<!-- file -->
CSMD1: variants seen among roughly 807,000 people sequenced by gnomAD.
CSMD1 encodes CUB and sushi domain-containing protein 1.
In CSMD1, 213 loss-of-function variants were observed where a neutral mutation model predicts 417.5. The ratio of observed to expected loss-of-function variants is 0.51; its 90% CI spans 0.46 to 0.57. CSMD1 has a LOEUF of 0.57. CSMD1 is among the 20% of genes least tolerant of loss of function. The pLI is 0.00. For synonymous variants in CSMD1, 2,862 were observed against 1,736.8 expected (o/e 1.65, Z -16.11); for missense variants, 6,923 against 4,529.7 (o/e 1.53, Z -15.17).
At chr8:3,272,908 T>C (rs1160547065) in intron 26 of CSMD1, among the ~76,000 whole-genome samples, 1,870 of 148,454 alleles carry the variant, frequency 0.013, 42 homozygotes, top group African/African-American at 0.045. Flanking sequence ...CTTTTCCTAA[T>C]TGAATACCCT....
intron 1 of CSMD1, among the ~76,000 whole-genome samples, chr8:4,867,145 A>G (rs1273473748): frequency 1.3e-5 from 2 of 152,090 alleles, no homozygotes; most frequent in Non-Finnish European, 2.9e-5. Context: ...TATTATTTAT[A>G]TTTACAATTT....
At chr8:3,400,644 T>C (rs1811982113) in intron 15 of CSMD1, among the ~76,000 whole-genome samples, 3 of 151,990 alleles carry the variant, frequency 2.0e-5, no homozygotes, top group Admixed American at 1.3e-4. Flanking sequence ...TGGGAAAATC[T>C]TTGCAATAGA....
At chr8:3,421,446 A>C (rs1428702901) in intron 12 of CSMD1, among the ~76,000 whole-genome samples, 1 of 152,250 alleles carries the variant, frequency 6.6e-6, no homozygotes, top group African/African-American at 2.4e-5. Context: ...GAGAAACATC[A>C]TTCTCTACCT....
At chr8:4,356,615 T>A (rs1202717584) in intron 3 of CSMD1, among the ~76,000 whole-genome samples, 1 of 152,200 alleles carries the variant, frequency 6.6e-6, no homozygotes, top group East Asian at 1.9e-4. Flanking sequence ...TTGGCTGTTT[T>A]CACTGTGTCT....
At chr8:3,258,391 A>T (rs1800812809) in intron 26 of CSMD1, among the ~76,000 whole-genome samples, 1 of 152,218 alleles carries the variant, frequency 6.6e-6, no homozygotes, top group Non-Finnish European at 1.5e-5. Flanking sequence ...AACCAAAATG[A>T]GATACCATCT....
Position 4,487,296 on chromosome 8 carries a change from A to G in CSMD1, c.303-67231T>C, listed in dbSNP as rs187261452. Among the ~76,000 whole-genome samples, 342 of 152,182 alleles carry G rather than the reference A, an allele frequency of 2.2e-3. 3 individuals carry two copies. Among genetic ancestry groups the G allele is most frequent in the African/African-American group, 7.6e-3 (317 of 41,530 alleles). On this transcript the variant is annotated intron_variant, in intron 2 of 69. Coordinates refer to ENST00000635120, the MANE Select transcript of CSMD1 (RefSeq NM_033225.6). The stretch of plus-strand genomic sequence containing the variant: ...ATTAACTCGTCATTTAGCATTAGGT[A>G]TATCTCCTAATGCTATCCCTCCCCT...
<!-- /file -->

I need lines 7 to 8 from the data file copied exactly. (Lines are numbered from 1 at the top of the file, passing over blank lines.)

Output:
At chr8:3,421,446 A>C (rs1428702901) in intron 12 of CSMD1, among the ~76,000 whole-genome samples, 1 of 152,250 alleles carries the variant, frequency 6.6e-6, no homozygotes, top group African/African-American at 2.4e-5. Context: ...GAGAAACATC[A>C]TTCTCTACCT....
At chr8:4,356,615 T>A (rs1202717584) in intron 3 of CSMD1, among the ~76,000 whole-genome samples, 1 of 152,200 alleles carries the variant, frequency 6.6e-6, no homozygotes, top group East Asian at 1.9e-4. Flanking sequence ...TTGGCTGTTT[T>A]CACTGTGTCT....